With lawsuit settled, timetable for release of Bush e-mails is tricky
Public could get access to some presidential records after five years, but may have to wait longer for others
Now that the Obama administration has agreed to settle a lawsuit over the presidential record-keeping practices of the George W. Bush administration, what happens to the millions of additional e-mail messages from the Bush presidency that computer technicians have recovered?
When the records will be available to the public — as is the case with all records from outgoing administrations — depends on whether the communication is considered a federal or a presidential record under federal law. Records covered by the Presidential Records Act (PRA) – which covers records from the president, vice president and immediate staff — cannot be released to the public for five years, at least.
The Federal Records Act applies to records that are not considered presidential records; federal records can be obtained through Freedom of Information Act. requests.
The George Washington University National Security Archive and Citizens for Responsibility and Ethics in Washington agreed on Dec. 14 to settle ongoing litigation that involved millions of Bush-era e-mail messages. That litigation, originally filed in September 2007, alleged that the Bush administration violated a federal records law by not recovering, restoring and preserving millions of electronic communications and by not establishing what they considered an appropriate electronic records archiving system.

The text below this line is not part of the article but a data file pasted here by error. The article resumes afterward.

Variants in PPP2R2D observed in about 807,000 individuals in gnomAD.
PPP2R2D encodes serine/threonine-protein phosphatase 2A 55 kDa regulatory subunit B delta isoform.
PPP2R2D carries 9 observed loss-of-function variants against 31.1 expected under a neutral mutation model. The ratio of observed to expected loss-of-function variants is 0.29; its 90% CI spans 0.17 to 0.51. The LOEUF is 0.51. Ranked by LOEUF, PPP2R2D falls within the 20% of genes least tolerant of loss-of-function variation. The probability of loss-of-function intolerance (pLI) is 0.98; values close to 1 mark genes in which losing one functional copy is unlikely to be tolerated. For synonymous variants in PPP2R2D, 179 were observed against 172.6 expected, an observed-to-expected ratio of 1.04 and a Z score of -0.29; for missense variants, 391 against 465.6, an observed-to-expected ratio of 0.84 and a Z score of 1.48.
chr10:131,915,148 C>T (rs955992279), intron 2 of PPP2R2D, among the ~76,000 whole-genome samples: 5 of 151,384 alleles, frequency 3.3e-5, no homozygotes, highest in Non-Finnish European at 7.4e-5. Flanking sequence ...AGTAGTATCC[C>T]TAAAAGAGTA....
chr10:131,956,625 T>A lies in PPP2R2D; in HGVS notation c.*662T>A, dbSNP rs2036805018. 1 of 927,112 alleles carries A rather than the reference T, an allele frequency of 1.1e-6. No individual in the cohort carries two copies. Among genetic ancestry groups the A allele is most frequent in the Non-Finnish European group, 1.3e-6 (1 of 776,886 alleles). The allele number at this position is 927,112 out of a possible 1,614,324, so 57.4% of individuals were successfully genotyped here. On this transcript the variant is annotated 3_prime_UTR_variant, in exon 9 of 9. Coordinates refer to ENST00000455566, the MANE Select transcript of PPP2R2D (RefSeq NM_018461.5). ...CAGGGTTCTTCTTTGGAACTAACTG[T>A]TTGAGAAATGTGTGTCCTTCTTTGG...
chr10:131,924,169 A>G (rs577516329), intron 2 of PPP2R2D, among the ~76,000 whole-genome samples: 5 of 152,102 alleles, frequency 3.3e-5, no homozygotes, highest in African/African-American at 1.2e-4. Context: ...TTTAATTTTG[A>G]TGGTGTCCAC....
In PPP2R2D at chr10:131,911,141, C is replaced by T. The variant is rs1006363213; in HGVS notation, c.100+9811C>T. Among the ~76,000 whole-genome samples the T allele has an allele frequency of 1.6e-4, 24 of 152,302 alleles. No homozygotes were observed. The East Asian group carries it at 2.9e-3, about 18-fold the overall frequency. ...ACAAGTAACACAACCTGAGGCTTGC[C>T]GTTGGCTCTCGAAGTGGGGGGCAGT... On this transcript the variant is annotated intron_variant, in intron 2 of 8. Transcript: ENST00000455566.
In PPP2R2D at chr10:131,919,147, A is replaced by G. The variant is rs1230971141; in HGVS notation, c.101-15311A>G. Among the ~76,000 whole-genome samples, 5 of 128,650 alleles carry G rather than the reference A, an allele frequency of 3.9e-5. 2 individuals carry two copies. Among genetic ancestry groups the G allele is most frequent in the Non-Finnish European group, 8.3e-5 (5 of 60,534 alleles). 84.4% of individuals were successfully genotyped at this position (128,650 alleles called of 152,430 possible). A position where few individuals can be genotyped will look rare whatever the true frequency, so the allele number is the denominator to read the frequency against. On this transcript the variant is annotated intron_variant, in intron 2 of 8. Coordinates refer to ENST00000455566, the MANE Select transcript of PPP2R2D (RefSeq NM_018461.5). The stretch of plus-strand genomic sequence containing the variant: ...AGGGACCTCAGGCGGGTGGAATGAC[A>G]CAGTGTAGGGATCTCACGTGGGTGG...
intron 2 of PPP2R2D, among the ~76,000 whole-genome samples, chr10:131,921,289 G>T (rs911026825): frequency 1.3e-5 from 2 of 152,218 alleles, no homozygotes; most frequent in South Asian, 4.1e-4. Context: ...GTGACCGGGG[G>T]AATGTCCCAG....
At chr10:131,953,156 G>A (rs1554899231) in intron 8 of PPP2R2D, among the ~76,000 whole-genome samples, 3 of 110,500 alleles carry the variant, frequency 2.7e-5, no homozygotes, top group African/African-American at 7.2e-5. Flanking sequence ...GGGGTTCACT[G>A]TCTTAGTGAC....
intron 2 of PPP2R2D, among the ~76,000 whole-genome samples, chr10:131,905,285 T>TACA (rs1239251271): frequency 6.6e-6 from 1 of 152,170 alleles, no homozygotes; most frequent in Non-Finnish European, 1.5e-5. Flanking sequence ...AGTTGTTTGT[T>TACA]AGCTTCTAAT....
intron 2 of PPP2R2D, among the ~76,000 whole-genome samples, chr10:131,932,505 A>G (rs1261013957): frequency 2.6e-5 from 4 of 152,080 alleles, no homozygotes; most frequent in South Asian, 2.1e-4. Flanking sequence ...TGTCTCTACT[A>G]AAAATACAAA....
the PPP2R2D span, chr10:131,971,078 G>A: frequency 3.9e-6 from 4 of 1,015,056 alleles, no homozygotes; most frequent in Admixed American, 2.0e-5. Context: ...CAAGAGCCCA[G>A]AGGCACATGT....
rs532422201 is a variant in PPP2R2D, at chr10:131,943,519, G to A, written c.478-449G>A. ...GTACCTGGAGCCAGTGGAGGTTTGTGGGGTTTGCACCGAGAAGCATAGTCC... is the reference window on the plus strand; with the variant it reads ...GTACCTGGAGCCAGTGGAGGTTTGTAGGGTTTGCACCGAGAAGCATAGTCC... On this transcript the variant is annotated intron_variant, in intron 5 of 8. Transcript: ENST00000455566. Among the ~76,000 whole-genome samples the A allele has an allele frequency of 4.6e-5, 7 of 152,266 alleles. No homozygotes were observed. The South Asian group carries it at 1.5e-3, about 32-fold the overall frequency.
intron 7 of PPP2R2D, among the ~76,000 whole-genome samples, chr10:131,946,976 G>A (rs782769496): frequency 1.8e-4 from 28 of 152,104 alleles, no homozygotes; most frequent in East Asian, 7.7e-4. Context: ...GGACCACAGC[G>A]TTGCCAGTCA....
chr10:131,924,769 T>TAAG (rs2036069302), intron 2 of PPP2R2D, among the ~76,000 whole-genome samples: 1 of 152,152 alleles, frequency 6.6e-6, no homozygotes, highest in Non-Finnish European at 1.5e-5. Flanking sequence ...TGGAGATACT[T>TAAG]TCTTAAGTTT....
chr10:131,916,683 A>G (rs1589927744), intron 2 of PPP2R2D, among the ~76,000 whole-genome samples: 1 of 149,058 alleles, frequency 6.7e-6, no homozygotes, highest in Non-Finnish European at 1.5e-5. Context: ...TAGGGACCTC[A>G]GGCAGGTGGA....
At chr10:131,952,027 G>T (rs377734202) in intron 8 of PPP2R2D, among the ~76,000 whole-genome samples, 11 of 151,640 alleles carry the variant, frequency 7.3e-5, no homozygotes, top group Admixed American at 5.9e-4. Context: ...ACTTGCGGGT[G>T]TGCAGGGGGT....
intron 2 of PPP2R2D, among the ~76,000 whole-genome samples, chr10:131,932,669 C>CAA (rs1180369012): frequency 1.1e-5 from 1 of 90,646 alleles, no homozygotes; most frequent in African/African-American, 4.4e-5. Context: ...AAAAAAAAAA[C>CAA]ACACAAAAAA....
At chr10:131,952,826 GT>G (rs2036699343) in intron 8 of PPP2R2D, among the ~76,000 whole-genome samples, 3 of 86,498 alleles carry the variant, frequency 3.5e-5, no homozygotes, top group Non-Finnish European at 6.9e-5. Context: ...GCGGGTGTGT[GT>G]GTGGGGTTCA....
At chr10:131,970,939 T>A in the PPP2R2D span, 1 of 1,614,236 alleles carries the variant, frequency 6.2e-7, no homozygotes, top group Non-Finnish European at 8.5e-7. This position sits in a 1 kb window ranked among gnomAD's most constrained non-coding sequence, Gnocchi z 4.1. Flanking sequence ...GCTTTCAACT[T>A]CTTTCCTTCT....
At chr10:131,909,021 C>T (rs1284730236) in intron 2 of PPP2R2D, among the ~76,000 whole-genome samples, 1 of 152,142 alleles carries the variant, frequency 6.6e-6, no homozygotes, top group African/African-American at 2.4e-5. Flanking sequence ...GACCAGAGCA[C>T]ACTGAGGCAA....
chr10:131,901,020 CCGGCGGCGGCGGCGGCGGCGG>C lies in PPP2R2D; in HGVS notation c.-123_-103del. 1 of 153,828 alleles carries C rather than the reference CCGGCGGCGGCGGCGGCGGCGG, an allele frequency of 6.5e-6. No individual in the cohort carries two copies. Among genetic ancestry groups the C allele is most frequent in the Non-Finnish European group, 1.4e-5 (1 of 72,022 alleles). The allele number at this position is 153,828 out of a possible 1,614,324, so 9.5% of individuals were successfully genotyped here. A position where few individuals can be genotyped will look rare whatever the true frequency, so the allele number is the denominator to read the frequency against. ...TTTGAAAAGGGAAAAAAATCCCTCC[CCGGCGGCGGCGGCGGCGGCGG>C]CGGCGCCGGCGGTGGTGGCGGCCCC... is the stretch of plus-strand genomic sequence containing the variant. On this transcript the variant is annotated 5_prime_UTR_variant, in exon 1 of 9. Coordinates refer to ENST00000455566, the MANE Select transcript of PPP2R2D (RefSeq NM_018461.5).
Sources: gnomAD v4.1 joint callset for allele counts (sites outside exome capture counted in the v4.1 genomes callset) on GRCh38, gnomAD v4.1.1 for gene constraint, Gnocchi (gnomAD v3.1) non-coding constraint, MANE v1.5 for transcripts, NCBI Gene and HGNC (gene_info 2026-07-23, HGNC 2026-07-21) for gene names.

The groups also sued the National Archives and Records Administration (NARA), which is responsible for long-term preservation of federal and presidential records.
Meanwhile, the PRA requires that presidential records from an outgoing administration be sent NARA for sorting. After five years, people can request access to some types of records. However, Meredith Fuchs, general counsel for the National Security Archive, said although some communications could be released in five years, typically those records don’t involve key presidential decisions.
Fuchs said the president whose administration created the records can extend the protection from the public release of records that involve confidential communications for up to 12 years. Even after that, however, Fuchs said some presidential records could still be withheld for national-security and privacy reasons.
However, Fuchs said through an investigation or a subpoena records can be accessed. She also said the Obama administration can access the records.
The groups say that as a result of an e-mail restoration process pursued during this lawsuit, the government found, sorted and properly categorized 22 million more emails than they could find in late 2005. Fuchs said these messages have already been sorted as presidential or federal records.
In addition, Fuchs also said there have been 21 additional days' worth of e-mail that have been restored and sorted as presidential and federal records. Forty additional sample days of e-mail that have been recovered can be sorted into federal and presidential records, she said. That recovery process began during the Bush administration. The Obama administration has also agreed to restore an additional 33 days of e-mail, and those also can be sorted.
Under the agreement, the e-mails restored from the back-up tapes will be prepared for ingestation by NARA.
Ben Bain is a reporter for Federal Computer Week.